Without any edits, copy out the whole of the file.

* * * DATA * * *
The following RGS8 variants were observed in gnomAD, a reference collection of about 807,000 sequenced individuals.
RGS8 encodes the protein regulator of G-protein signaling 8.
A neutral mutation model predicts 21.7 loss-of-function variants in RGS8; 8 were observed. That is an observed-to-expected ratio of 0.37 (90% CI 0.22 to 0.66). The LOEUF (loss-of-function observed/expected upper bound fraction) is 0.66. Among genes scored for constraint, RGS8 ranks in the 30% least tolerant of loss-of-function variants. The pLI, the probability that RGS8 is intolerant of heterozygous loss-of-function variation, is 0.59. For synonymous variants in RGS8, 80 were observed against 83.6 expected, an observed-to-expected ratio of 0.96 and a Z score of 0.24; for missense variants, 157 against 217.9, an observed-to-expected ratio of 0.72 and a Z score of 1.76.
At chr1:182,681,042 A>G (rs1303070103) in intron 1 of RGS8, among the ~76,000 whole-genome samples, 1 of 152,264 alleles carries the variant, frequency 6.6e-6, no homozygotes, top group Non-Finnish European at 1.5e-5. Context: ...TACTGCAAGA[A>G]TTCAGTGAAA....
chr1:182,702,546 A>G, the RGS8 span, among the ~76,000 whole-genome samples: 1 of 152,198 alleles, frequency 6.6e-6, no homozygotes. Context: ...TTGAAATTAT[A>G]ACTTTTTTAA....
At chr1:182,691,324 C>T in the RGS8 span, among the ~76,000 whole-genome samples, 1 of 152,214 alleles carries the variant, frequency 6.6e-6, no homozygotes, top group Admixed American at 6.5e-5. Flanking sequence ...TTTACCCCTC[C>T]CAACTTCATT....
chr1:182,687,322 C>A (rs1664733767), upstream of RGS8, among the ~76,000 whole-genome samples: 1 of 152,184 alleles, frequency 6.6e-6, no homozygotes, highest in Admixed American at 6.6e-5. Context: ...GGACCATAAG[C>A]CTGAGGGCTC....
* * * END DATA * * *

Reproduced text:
The following RGS8 variants were observed in gnomAD, a reference collection of about 807,000 sequenced individuals.
RGS8 encodes the protein regulator of G-protein signaling 8.
A neutral mutation model predicts 21.7 loss-of-function variants in RGS8; 8 were observed. That is an observed-to-expected ratio of 0.37 (90% CI 0.22 to 0.66). The LOEUF (loss-of-function observed/expected upper bound fraction) is 0.66. Among genes scored for constraint, RGS8 ranks in the 30% least tolerant of loss-of-function variants. The pLI, the probability that RGS8 is intolerant of heterozygous loss-of-function variation, is 0.59. For synonymous variants in RGS8, 80 were observed against 83.6 expected, an observed-to-expected ratio of 0.96 and a Z score of 0.24; for missense variants, 157 against 217.9, an observed-to-expected ratio of 0.72 and a Z score of 1.76.
At chr1:182,681,042 A>G (rs1303070103) in intron 1 of RGS8, among the ~76,000 whole-genome samples, 1 of 152,264 alleles carries the variant, frequency 6.6e-6, no homozygotes, top group Non-Finnish European at 1.5e-5. Context: ...TACTGCAAGA[A>G]TTCAGTGAAA....
chr1:182,702,546 A>G, the RGS8 span, among the ~76,000 whole-genome samples: 1 of 152,198 alleles, frequency 6.6e-6, no homozygotes. Context: ...TTGAAATTAT[A>G]ACTTTTTTAA....
At chr1:182,691,324 C>T in the RGS8 span, among the ~76,000 whole-genome samples, 1 of 152,214 alleles carries the variant, frequency 6.6e-6, no homozygotes, top group Admixed American at 6.5e-5. Flanking sequence ...TTTACCCCTC[C>T]CAACTTCATT....
chr1:182,687,322 C>A (rs1664733767), upstream of RGS8, among the ~76,000 whole-genome samples: 1 of 152,184 alleles, frequency 6.6e-6, no homozygotes, highest in Admixed American at 6.6e-5. Context: ...GGACCATAAG[C>A]CTGAGGGCTC....